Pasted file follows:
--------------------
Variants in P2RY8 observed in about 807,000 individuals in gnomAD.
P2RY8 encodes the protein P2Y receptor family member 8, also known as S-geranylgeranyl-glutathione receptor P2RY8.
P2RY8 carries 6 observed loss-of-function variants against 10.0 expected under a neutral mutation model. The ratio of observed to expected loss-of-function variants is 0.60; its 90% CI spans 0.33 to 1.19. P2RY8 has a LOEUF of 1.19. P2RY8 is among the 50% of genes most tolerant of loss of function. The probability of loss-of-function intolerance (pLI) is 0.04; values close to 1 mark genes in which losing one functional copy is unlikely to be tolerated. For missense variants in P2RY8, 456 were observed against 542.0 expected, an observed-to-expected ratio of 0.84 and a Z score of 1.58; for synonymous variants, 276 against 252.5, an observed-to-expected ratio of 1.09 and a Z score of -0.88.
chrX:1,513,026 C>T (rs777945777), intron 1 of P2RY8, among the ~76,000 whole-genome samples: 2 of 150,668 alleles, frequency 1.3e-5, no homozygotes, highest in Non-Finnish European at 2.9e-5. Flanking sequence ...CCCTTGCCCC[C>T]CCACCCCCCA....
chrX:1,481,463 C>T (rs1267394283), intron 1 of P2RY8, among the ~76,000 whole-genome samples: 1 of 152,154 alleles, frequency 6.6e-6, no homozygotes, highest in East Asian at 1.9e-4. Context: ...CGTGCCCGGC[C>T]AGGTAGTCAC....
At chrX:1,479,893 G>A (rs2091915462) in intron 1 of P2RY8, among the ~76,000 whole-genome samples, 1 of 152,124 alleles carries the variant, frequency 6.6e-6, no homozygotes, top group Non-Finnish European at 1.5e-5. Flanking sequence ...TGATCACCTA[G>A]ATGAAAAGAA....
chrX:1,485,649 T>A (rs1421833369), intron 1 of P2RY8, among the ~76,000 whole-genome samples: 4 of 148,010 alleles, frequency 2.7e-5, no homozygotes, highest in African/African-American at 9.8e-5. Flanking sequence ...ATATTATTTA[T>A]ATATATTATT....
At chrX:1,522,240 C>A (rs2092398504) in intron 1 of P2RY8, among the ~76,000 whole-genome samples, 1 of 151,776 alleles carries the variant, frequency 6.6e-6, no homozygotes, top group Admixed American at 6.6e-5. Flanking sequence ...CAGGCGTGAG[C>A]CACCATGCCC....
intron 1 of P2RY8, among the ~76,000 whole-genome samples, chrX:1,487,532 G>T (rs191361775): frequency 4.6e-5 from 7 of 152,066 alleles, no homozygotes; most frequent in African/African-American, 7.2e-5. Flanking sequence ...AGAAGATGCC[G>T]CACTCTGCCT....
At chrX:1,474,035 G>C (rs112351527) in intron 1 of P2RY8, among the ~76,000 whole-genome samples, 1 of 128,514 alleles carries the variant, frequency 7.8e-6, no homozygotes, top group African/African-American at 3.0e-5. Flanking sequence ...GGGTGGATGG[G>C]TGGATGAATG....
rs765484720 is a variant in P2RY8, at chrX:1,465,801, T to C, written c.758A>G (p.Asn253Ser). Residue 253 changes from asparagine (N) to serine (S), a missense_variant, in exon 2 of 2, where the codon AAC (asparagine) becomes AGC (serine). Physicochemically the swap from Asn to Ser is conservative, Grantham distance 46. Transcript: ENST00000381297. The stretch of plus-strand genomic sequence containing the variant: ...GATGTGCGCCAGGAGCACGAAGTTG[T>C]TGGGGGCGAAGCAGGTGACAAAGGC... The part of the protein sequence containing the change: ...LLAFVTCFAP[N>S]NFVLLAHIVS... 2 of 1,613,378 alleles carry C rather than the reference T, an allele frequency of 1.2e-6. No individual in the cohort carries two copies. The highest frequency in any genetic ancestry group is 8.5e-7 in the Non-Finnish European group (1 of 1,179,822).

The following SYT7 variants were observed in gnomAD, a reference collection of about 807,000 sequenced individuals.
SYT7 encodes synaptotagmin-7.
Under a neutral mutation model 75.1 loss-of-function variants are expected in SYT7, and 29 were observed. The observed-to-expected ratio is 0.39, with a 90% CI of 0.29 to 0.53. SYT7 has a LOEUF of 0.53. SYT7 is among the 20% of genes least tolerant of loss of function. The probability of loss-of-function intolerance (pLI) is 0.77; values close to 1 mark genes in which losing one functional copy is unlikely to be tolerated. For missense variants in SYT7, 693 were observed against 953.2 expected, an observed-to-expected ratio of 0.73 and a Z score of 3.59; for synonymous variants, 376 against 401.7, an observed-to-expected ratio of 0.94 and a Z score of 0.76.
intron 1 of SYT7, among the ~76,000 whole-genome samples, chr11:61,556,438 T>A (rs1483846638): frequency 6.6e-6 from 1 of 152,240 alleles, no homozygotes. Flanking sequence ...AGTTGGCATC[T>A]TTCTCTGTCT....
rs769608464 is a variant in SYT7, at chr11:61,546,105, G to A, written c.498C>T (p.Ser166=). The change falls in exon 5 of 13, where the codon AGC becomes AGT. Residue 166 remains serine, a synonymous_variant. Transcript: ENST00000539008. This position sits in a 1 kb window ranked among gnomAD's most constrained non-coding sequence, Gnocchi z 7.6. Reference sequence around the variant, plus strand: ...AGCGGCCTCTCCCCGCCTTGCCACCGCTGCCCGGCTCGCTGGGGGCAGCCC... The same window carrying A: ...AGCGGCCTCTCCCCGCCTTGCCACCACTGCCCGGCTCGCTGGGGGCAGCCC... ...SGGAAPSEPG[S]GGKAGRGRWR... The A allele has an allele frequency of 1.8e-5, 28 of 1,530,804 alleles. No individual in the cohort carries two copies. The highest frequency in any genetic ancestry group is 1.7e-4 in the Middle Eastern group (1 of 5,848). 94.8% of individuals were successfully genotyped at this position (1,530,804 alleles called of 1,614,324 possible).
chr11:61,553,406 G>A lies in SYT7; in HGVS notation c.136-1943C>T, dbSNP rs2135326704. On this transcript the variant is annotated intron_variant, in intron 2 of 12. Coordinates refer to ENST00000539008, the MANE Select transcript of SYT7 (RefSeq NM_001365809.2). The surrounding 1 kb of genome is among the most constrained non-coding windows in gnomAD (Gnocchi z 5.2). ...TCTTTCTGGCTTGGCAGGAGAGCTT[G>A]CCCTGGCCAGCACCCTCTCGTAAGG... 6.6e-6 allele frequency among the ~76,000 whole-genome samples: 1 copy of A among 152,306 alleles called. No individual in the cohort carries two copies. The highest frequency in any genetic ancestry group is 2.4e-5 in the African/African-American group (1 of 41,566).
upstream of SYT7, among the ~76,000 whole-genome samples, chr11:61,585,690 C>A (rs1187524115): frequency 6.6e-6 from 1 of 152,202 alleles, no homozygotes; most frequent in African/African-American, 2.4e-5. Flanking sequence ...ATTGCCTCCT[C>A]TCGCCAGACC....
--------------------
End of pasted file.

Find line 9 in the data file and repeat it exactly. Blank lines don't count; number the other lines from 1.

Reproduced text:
intron 1 of P2RY8, among the ~76,000 whole-genome samples, chrX:1,487,532 G>T (rs191361775): frequency 4.6e-5 from 7 of 152,066 alleles, no homozygotes; most frequent in African/African-American, 7.2e-5. Flanking sequence ...AGAAGATGCC[G>T]CACTCTGCCT....